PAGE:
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A neurobiological explanation of self-awareness and the states of mind of severely traumatized people.
Cultivation of emotional awareness is difficult, even for those of us not afflicted by serious mental illness. This book discusses the neurobiology behind emotional states and presents exercises for developing self awareness. Topics include mood (both unipolar and bipolar), anxiety (particularly PTSD), and dissociative disorders. Frewen and Lanius comprehensively review psychological and neurobiological research, and explain how to use this research to become aware of emotional states within both normal and psychopathological functioning. Therapists will be able to help survivors of trauma, mood disorders, anxiety disorders, and dissociative disorders develop emotional awareness. The book also includes case studies, detailed instructions for clinicians, and handouts ready for use in assessment/therapy with patients/clients.
“This book elegantly blends phenomenological research and neurobiology in its elucidation of a serious symptom and its associated suffering. . . .The addition of abundant case examples and treatment narratives increases the value of the book for clinicians and aids students curious to know more about why trauma causes dissociation and what it feels like to experience it in the mind and body. . . .The authors are to be commended for opening the door for future scholarship while increasing hope for healing. . . .Highly recommended.
” — CHOICE
“[A] well-written and thoughtful text that will be useful to clinicians, researchers, legal scholars, and those in the general public who are interested in this area of psychological distress. . . .The case studies of the appendix are excellent.
” — PsycCRITIQUES
“[T]he most noteworthy aspect of the book is the inclusion of patient testimonies in the forms of artwork, poetry, and vignettes. . . .[T]he audience can scrutinize in a more involved and understandable way than simply reading technical words on a page, a feat not many research-oriented publications are able to achieve.
” — Somatic Psychotherapy Today
“The TRASC [trauma-related altered states of consciousness] model is useful and interesting. The book is well-written and supported.
” — American Journal of Forensic Psychology
“Breaking new ground, if not creating an entirely new research and clinical domain, this book startles with its intelligence and breadth. Frewen and Lanius call upon over a decade of functional MRI research and detailed clinical interviews to define what they refer to as ‘trauma-related altered states of consciousness’ (TRASC). The ideas are new, the data are very strong, and the grounding in the real-world experience of suffering people is refreshing. This is a whole new step forward in understanding and assisting those with dissociative difficulties.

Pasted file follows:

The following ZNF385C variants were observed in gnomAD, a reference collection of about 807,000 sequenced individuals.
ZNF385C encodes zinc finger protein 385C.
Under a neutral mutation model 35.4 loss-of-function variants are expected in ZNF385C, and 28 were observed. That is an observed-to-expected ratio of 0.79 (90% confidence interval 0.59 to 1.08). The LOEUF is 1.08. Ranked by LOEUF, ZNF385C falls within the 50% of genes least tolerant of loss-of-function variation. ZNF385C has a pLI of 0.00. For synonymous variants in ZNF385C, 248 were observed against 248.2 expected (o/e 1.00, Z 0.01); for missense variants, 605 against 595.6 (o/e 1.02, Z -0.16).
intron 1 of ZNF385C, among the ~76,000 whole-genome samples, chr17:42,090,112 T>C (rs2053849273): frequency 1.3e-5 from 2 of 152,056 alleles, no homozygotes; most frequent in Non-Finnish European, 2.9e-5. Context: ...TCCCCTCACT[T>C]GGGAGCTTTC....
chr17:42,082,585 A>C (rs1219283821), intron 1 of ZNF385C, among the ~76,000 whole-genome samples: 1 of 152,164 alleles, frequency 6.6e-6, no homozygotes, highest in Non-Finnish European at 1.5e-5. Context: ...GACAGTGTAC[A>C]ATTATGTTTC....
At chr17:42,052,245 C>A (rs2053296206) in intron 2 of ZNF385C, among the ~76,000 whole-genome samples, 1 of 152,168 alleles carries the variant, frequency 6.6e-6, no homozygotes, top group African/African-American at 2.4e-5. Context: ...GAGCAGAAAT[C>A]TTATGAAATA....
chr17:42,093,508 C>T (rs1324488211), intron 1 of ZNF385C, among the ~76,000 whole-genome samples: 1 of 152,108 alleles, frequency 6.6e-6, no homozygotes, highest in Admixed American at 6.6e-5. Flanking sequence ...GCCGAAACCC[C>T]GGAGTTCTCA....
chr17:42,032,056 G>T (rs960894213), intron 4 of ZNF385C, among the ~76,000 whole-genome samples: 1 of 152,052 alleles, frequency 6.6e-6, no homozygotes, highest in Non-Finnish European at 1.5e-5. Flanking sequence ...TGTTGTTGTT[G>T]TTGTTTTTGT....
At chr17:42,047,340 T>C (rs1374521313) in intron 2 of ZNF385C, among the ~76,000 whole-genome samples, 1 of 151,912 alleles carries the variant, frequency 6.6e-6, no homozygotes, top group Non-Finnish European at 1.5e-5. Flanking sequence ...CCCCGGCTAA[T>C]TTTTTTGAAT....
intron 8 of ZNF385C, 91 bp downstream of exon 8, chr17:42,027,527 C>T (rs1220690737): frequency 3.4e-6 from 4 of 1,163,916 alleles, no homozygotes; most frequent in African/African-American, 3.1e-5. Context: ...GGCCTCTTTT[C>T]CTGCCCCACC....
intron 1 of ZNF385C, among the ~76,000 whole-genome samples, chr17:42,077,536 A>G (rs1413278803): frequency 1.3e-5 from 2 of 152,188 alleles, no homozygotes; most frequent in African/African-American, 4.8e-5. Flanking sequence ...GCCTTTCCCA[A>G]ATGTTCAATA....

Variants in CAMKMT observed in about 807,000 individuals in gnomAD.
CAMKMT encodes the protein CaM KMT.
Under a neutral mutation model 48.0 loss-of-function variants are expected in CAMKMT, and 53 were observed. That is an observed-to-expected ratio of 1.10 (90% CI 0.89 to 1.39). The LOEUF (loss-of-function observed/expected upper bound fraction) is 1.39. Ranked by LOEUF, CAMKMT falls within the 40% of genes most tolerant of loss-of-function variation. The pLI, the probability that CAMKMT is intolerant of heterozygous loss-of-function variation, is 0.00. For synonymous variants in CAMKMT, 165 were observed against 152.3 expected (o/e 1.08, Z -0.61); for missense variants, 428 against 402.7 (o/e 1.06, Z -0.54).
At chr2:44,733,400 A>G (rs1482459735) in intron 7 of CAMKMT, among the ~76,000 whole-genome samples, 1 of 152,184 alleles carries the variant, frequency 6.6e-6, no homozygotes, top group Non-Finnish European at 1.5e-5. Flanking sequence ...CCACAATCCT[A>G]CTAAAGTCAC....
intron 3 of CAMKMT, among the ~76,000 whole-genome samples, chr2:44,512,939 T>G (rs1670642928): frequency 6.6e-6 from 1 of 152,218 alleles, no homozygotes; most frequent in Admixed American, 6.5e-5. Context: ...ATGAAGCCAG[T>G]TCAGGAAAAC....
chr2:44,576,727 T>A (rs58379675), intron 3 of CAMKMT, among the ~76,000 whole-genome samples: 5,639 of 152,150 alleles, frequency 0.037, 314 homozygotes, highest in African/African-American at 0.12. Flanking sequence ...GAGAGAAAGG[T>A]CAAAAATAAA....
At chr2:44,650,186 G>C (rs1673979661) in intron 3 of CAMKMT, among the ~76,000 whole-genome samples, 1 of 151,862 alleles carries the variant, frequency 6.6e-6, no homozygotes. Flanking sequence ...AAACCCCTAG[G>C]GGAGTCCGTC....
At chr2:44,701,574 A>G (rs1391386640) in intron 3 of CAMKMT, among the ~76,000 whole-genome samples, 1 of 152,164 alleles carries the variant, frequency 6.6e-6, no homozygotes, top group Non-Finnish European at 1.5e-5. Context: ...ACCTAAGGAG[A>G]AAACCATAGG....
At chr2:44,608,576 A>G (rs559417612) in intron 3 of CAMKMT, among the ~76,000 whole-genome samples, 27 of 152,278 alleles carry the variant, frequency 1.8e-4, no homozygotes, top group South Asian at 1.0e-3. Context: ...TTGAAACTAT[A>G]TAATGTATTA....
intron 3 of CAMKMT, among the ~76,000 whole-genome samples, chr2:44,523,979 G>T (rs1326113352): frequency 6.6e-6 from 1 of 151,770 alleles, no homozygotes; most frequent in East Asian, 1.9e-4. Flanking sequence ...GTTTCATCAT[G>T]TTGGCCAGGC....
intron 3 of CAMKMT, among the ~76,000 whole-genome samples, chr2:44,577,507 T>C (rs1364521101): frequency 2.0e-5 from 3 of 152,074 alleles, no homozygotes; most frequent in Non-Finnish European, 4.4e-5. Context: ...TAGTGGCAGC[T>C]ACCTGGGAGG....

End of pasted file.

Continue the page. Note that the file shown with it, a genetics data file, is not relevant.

” — John Briere, PhD, Associate Professor of Psychiatry and Psychology, University of Southern California; Director, USC Adolescent Trauma Training Center, National Child Traumatic Stress Network
“This is a landmark book in the history of psychotraumatology. Frewen and Lanius have created a new intellectual blueprint for understanding dissociation. Their book is unique in providing a detailed integration of the latest neuroscientific findings with the experience of what it is like to be traumatized. It is a treasure trove of ideas for anyone pursuing the study or healing of the traumatized self.
” — Chris R. Brewin, Professor of Clinical Psychology, University College London
“This book reaches into the depth of PTSD—the invisible domain of troubled brains that can captivate the mental apparatus. Healing the Traumatized Self provides clear insights to help people return to the joys of human companionship. It is a must-read for all who wish to understand the neurodynamics of broken minds and pathways to healing.
” — Jaak Panksepp, Professor of Neuroscience and Baily Endowed Chair of Animal Well Being Science, Washington State University, Pullman, WA
“In this scholarly, highly focused, yet accessible and readable volume, Frewen and Lanius tackle the characterization, meaning, and neurophenomenological basis for dissociation. The deep clinical insights coupled with state of the art neuroimaging data permit an in-depth analysis of dissociation in its many forms, and its relationship to traumatization, perception, and brain/mind/body connections. This work considerably advances our knowledge of dissociation and lays out a pathway for successful therapeutic interventions for highly traumatized individuals.” — Rachel Yehuda, PhD, Director of the Traumatic Stress Studies Division at Icahn School of Medicine; Mental Health Patient Care Center Director at the James J. Peters Veterans Affairs Medical Center